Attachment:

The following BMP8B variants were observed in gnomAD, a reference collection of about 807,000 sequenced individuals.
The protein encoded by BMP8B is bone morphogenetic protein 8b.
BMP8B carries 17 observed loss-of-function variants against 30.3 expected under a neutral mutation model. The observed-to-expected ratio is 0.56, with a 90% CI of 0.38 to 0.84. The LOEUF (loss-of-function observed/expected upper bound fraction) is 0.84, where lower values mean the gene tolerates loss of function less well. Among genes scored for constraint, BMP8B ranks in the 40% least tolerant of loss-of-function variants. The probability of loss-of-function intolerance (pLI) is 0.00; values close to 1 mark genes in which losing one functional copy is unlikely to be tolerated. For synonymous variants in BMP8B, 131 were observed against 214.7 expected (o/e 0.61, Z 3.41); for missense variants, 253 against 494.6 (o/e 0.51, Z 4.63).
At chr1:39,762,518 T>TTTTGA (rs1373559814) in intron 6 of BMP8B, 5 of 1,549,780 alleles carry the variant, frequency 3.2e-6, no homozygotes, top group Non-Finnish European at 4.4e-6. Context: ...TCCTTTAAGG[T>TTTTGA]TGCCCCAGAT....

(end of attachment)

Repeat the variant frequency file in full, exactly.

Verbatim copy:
The following BMP8B variants were observed in gnomAD, a reference collection of about 807,000 sequenced individuals.
The protein encoded by BMP8B is bone morphogenetic protein 8b.
BMP8B carries 17 observed loss-of-function variants against 30.3 expected under a neutral mutation model. The observed-to-expected ratio is 0.56, with a 90% CI of 0.38 to 0.84. The LOEUF (loss-of-function observed/expected upper bound fraction) is 0.84, where lower values mean the gene tolerates loss of function less well. Among genes scored for constraint, BMP8B ranks in the 40% least tolerant of loss-of-function variants. The probability of loss-of-function intolerance (pLI) is 0.00; values close to 1 mark genes in which losing one functional copy is unlikely to be tolerated. For synonymous variants in BMP8B, 131 were observed against 214.7 expected (o/e 0.61, Z 3.41); for missense variants, 253 against 494.6 (o/e 0.51, Z 4.63).
At chr1:39,762,518 T>TTTTGA (rs1373559814) in intron 6 of BMP8B, 5 of 1,549,780 alleles carry the variant, frequency 3.2e-6, no homozygotes, top group Non-Finnish European at 4.4e-6. Context: ...TCCTTTAAGG[T>TTTTGA]TGCCCCAGAT....